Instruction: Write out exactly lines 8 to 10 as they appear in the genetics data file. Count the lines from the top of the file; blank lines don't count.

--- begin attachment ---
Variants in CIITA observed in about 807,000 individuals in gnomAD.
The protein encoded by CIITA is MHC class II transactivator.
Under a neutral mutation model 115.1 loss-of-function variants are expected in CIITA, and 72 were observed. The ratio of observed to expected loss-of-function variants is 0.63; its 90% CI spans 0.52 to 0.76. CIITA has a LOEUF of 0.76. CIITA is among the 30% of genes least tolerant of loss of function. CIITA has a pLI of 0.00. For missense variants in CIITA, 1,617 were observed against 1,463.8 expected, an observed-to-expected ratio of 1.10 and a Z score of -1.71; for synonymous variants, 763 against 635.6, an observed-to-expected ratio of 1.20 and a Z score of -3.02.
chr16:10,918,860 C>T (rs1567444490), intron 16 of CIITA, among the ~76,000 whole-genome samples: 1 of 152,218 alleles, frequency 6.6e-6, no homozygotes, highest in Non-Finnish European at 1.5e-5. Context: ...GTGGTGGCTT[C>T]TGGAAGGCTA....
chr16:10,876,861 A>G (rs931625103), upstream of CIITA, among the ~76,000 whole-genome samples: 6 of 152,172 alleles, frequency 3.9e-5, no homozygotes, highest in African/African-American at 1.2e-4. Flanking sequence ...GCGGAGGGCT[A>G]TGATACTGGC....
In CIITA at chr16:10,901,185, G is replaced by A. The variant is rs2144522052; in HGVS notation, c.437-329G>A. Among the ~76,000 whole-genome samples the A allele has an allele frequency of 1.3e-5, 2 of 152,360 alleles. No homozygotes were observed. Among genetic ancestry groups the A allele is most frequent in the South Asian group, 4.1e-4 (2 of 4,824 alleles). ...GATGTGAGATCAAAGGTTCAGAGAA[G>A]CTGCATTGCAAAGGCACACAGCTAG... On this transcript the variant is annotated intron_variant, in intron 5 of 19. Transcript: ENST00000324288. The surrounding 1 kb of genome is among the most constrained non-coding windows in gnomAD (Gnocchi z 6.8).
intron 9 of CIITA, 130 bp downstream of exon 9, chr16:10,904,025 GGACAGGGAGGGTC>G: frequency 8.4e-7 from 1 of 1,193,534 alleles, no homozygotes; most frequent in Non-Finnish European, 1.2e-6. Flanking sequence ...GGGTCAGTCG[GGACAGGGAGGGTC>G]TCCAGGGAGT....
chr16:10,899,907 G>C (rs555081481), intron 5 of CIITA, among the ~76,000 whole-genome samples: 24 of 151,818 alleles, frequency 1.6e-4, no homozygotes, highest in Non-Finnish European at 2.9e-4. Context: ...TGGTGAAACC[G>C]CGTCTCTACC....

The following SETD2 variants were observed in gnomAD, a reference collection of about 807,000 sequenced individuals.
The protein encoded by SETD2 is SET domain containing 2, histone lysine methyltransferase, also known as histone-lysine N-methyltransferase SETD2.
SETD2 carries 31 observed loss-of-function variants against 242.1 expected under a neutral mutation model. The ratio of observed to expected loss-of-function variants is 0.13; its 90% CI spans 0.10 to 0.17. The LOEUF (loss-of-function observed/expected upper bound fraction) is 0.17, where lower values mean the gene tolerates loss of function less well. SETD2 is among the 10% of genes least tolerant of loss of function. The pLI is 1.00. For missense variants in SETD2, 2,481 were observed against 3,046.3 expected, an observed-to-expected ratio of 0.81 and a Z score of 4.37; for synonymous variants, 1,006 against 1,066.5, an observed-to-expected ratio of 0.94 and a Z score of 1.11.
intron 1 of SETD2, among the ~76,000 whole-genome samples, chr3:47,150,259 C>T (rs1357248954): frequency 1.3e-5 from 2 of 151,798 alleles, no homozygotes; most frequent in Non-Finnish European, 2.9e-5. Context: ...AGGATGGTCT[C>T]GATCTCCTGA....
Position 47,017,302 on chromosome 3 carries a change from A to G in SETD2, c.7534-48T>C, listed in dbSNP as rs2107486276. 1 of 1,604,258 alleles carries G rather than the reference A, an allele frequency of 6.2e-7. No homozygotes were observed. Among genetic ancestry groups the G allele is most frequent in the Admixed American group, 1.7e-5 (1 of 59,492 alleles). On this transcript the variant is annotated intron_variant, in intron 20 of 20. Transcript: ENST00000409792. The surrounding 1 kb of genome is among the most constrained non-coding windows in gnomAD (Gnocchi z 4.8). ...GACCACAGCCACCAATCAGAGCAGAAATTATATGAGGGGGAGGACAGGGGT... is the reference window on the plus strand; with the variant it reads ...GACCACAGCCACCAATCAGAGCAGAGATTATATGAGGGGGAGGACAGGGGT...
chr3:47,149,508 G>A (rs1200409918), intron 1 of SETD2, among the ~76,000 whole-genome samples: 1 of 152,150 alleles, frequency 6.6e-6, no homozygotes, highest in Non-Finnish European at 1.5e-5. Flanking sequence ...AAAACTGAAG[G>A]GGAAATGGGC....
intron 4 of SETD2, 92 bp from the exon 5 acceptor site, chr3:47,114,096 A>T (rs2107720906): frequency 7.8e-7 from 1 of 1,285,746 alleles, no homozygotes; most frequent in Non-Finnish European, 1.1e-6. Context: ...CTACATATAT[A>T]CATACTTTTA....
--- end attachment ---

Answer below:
chr16:10,899,907 G>C (rs555081481), intron 5 of CIITA, among the ~76,000 whole-genome samples: 24 of 151,818 alleles, frequency 1.6e-4, no homozygotes, highest in Non-Finnish European at 2.9e-4. Context: ...TGGTGAAACC[G>C]CGTCTCTACC....

The following SETD2 variants were observed in gnomAD, a reference collection of about 807,000 sequenced individuals.
The protein encoded by SETD2 is SET domain containing 2, histone lysine methyltransferase, also known as histone-lysine N-methyltransferase SETD2.